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Wednesday, June 2, 2010

Family of Art

Kauai People
Posted on: Wednesday, June 2, 2010

Artist/lifeguard inspired by the sea


Habermann's ocean art gains popularity

By Diana Leone
It's hard to describe the "paintings" of Aaron Habermann. They seem to grab an aerial view of Kaua'i's coastline – liquid blue-green ocean, frothy breaking waves, rough lava outcroppings, and fine, bisque sand – and miraculously hang those different textures on a vertical surface.
The works are on canvas, which Habermann stretches and frames himself. The uniqueness of the finished product is so elusive, you almost have to see them to understand what they're about.
And once many people see them, they want to buy them.
Artist Aaron Habermann, right, with pleased buyers Jeff and Kristi Fountain of Spokane, Wash. and the painting they bought to remind them of their trip to Kaua'i.
Photos by DIANA LEONE

Staff at the Po'ipu Fine Arts Gallery, the exclusive venue for the works, say since Habermann started selling them in February they "fly off the walls."
On a recent day at the gallery, a couple entranced by his paintings stopped to ask Habermann the same questions about how he does them as I was asking for this article.
Habermann freely tells what materials he uses, though he doesn't exactly tell how he gets the items to do what he gets them to do.
The three-dimensional rocks on the paintings are a mixture of rock dust and acrylic and tint. The ocean is very thin acrylic paint with a polyacrylic coating to give it the liquid sheen. The sandy portion of a coastal scene may be sand with a stay-put coating, sand mixed with acrylic paint, or just paint, depending on the piece.


Habermann's technique has an element of spontaneity to its one-of-a-kind effects of the feathering wave-breaks. He mixes the paint for the ocean so thin, "I can't really control it," he says, which is part of the fun.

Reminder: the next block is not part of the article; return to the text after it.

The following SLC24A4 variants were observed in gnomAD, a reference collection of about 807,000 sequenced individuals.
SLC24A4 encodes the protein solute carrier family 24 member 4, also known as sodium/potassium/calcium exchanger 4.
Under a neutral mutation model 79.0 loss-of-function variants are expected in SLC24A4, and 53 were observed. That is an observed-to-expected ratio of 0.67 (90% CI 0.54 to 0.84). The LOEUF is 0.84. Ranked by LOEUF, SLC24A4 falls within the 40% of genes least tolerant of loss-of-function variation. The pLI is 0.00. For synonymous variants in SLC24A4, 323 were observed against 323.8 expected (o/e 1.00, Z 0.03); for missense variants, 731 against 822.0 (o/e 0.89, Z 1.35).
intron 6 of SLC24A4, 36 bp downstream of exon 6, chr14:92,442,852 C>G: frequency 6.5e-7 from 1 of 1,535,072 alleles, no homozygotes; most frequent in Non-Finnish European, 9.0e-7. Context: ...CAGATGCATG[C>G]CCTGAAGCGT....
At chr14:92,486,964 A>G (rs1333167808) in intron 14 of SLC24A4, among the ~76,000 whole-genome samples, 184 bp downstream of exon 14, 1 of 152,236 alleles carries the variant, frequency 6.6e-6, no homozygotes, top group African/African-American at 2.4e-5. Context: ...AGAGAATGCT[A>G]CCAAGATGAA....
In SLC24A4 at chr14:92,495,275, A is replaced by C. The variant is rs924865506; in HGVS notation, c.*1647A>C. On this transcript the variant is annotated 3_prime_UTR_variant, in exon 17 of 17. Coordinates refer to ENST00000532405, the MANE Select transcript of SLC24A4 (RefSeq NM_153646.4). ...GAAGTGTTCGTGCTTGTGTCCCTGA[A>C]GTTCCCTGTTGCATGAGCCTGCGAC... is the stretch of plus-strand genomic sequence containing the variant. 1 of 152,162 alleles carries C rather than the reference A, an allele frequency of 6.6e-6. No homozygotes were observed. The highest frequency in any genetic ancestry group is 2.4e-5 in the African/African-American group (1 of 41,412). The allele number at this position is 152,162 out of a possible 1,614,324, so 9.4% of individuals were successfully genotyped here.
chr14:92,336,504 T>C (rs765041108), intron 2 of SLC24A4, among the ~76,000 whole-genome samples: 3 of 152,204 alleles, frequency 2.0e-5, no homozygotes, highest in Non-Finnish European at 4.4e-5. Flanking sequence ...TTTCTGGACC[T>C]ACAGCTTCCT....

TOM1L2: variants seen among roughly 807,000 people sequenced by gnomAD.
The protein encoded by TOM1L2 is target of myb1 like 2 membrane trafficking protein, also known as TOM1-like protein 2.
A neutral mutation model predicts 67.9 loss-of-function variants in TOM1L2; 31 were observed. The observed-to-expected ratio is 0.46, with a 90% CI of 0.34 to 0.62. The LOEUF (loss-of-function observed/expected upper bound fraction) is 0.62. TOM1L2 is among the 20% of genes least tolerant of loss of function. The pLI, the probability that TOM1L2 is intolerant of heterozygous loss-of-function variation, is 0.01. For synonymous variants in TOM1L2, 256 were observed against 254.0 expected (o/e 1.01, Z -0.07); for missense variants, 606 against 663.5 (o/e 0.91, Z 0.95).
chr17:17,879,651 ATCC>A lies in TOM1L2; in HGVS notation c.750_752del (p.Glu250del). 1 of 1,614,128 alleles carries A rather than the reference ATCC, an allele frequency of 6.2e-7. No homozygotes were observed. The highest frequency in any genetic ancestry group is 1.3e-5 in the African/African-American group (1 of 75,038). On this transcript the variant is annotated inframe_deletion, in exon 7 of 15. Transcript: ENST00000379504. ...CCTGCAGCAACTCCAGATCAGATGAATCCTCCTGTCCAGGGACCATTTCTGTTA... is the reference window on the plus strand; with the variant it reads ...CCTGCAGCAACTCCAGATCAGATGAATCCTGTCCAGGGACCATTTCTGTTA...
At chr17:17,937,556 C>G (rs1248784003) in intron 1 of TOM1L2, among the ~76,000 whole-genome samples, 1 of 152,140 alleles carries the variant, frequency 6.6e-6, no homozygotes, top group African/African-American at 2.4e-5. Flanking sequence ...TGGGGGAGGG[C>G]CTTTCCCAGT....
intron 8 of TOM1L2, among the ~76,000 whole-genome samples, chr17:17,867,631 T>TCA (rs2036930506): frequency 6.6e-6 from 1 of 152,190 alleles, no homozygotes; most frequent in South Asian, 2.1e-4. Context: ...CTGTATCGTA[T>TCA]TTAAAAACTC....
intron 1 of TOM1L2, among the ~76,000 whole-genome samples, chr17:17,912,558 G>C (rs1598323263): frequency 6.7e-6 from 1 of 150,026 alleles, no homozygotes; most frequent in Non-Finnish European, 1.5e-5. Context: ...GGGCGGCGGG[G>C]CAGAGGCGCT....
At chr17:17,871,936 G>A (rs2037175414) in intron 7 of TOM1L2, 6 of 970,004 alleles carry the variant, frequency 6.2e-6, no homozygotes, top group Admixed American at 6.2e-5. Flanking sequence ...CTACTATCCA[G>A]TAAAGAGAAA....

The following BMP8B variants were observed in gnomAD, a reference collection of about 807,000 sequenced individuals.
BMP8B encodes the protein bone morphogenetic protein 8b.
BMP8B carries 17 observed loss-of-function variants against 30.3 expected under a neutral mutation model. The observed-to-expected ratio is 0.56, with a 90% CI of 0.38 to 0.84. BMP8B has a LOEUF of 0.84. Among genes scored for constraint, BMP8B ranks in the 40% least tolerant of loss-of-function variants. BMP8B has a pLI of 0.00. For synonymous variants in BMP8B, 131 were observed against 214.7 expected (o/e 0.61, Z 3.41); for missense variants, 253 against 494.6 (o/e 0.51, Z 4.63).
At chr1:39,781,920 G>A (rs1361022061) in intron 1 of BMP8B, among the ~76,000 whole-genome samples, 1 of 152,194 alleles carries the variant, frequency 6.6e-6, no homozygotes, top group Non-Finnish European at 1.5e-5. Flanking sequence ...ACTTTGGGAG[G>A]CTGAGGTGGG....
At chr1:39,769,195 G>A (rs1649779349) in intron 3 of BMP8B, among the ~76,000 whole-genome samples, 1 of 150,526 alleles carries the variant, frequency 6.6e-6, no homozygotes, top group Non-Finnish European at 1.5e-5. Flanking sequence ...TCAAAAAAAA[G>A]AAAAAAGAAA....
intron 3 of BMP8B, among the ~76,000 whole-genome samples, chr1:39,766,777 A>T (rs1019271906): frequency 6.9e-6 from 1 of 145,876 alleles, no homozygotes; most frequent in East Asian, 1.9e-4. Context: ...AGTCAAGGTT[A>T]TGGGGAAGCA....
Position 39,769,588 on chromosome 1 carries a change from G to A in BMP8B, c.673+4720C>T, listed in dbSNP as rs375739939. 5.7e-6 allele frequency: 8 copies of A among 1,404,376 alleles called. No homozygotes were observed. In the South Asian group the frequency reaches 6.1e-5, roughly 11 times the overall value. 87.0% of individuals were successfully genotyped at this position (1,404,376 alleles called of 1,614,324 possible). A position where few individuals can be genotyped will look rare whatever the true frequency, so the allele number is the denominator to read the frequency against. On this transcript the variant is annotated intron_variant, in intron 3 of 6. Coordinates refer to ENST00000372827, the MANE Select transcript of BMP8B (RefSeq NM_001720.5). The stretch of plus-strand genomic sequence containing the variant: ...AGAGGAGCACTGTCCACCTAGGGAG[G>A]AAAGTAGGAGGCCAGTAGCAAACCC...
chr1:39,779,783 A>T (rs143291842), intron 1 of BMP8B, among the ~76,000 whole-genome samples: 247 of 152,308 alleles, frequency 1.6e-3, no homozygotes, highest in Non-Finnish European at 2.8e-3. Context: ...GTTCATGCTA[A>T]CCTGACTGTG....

The paintings are from a higher-than-ground-level vantage point that Habermann says mimics the view from his perch at his day job as a lifeguard at Po'ipu Beach.
Habermann also creates ceramic works that he pit-fires at Salt Pond Beach and raku-style pottery. His specialty pieces are poi pounders, vases and orbs in various sizes, with earthy brown, green, blue mottled glazes and subtle inclusion of petroglyphs.


He's been making ceramics for 17 years and recently branched into the paintings. His prices range from $150 to $650 for pottery works and $650 to $5,000 for paintings.
Born on Kaua'i in 1970 and a graduate of Waimea High, Habermann was a star swimmer with the KIF whose breaststroke record still stands 22 years later. He lived "all over the island" growing up with his parents – artist Glenn Habermann, who now lives in Oregon, and Liz Hahn, who used to run the Gallery at Waiohai.
Habermann met his wife, Alison, when both were attending Kaua'i Community College and they moved together to O'ahu where both attended the University of Hawai'i. She came out of UH with an accounting degree. He came out with a passion for ceramics.
"The first time I touched a potter's wheel, I loved it," Habermann says.
The couple now lives in Kalaheo where Alison operates her Quantum Accounting bookkeeping and accounting firm. Their son, Jamison, 16, is a student at Kaua'i High and part-time employee of the Hardware Guys computer store.
Habermann says being a lifeguard allows him to be outdoors and stay fit. It also fulfills his desire to help people. "Prevention is the key" to lifeguarding, by helping people to understand their limits and the strength of the ocean, he says.
Habermann calls himself "a shameless self-promoter" of his artwork. But basically that means when visitors chatting with him at the lifeguard stand ask how he can afford to live in Hawai'i, he tells them that his other job is being an artist and invites them to check out his work at the gallery.
It's not his fault if, when they do, the visitors are swept away by his work and are compelled to take one home.
Habermann can be reached at 635-9110, aaron@aaronthelifeguardart.com; or www.poipubeachart.com.
Reach Diana Leone at dleone@honoluluadvertiser.com.

4 Comments:

OpenID gigihawaii said...

wow, love his work, but the price is out of my reach. Remember Suzanne McCrary? We saw her work at the Honolulu Country Club when you visited me. I finally bought her oil painting of Autumn in Japan. $300. It came with a beautiful gold frame and it hangs in my dining area.

June 3, 2010 at 6:52 AM  
Blogger LizKauai said...

Thanks, gigi!

He has some smaller pieces coming out.
Images don't do the originals justice- the surface is very reflective and hard to photograph.

Exciting stuff for Aaron!

June 3, 2010 at 11:42 AM  
Anonymous wafan said...

Whoo-hoo!

If I save my pennies and nickels I might be able to purchase one of Aaron's smaaaaaaall pieces. HA!

Nice work Aaron and Liz!

June 3, 2010 at 2:51 PM  
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